The form of the Fourier inversion theorem stated above, as is common, is that

${\displaystyle {\mathcal {F}}^{-1}({\mathcal {F}}f)(x)=f(x).}$

In other words, ${\displaystyle {\mathcal {F}}^{-1}}$ is a left inverse for the Fourier transform. However it is also a right inverse for the Fourier transform i.e.

${\displaystyle {\mathcal {F}}({\mathcal {F}}^{-1}f)(\xi )=f(\xi ).}$

Since ${\displaystyle {\mathcal {F}}^{-1}}$ is so similar to ${\displaystyle {\mathcal {F}}}$, this follows very easily from the Fourier inversion theorem (changing variables ${\displaystyle \zeta :=-\zeta }$):

{\displaystyle {\begin{aligned}f&={\mathcal {F}}^{-1}({\mathcal {F}}f)(x)\\[6pt]&=\int _{\mathbb {R} ^{n}}\int _{\mathbb {R} ^{n}}e^{2\pi ix\cdot \xi }\,e^{-2\pi iy\cdot \xi }\,f(y)\,dy\,d\xi \\[6pt]&=\int _{\mathbb {R} ^{n}}\int _{\mathbb {R} ^{n}}e^{-2\pi ix\cdot \zeta }\,e^{2\pi iy\cdot \zeta }\,f(y)\,dy\,d\zeta \\[6pt]&={\mathcal {F}}({\mathcal {F}}^{-1}f)(x).\end{aligned}}}

Alternatively, this can be seen from the relation between ${\displaystyle {\mathcal {F}}^{-1}f}$ and the flip operator and the associativity of function composition, since

${\displaystyle f={\mathcal {F}}^{-1}({\mathcal {F}}f)={\mathcal {F}}R{\mathcal {F}}f={\mathcal {F}}({\mathcal {F}}^{-1}f).}$

## Conditions on the function

When used in physics and engineering, the Fourier inversion theorem is often used under the assumption that everything "behaves nicely". In mathematics such heuristic arguments are not permitted, and the Fourier inversion theorem includes an explicit specification of what class of functions is being allowed. However, there is no "best" class of functions to consider so several variants of the Fourier inversion theorem exist, albeit with compatible conclusions.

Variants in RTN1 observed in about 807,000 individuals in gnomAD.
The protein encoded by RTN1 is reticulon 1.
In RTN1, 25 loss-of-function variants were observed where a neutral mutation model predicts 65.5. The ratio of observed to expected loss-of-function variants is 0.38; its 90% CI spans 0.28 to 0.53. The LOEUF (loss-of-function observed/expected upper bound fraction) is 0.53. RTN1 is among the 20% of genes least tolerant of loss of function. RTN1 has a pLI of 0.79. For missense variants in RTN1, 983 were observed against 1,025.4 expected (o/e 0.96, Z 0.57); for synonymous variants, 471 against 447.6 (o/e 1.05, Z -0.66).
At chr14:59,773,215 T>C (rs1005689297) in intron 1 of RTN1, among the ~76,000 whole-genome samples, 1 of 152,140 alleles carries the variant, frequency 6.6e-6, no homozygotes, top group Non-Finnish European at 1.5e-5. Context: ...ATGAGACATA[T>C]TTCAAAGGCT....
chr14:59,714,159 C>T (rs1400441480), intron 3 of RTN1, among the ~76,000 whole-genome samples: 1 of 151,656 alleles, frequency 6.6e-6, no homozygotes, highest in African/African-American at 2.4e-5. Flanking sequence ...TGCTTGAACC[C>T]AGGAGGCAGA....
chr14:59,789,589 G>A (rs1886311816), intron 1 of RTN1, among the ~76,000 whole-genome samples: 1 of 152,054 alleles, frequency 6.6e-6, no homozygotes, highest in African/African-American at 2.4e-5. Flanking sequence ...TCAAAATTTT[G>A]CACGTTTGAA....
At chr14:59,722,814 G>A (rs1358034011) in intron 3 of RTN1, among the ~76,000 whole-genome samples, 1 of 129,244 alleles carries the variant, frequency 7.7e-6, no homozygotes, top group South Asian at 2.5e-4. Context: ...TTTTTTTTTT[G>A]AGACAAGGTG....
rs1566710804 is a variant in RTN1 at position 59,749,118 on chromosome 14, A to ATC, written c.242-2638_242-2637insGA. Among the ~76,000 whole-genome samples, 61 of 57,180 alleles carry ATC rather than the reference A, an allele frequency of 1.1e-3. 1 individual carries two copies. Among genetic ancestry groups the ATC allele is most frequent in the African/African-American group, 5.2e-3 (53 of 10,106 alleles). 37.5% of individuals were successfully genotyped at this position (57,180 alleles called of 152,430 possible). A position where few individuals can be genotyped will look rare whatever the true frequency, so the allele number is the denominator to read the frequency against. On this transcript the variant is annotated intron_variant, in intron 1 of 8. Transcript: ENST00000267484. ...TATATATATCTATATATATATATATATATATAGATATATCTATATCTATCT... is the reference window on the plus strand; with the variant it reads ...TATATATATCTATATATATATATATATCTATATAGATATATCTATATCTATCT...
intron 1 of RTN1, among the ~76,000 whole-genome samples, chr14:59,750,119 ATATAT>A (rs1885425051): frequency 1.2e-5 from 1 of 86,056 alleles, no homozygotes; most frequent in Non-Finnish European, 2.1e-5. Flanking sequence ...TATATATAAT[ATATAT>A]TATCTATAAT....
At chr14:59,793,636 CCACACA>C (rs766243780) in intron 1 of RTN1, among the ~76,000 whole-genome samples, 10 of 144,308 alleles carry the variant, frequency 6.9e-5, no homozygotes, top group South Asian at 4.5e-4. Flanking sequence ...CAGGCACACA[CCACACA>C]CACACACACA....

### Schwartz functions

The Fourier inversion theorem holds for all Schwartz functions (roughly speaking, smooth functions that decay quickly and whose derivatives all decay quickly). This condition has the benefit that it is an elementary direct statement about the function (as opposed to imposing a condition on its Fourier transform), and the integral that defines the Fourier transform and its inverse are absolutely integrable. This version of the theorem is used in the proof of the Fourier inversion theorem for tempered distributions (see below).

### Integrable functions with integrable Fourier transform

The Fourier inversion theorem holds for all continuous functions that are absolutely integrable (i.e. ${\displaystyle L^{1}(\mathbb {R} ^{n})}$) with absolutely integrable Fourier transform. This includes all Schwartz functions, so is a strictly stronger form of the theorem than the previous one mentioned. This condition is the one used above in the statement section.

A slight variant is to drop the condition that the function ${\displaystyle f}$ be continuous but still require that it and its Fourier transform be absolutely integrable. Then ${\displaystyle f=g}$ almost everywhere where g is a continuous function, and ${\displaystyle {\mathcal {F}}^{-1}({\mathcal {F}}f)(x)=g(x)}$ for every ${\displaystyle x\in \mathbb {R} ^{n}}$.

### Integrable functions in one dimension

Piecewise smooth; one dimension

If the function is absolutely integrable in one dimension (i.e. ${\displaystyle f\in L^{1}(\mathbb {R} )}$) and is piecewise smooth then a version of the Fourier inversion theorem holds. In this case we define

${\displaystyle {\mathcal {F}}^{-1}g(x):=\lim _{R\to \infty }\int _{-R}^{R}e^{2\pi ix\xi }\,g(\xi )\,d\xi .}$

Then for all ${\displaystyle x\in \mathbb {R} }$

${\displaystyle {\mathcal {F}}^{-1}({\mathcal {F}}f)(x)={\frac {1}{2}}(f(x_{-})+f(x_{+})),}$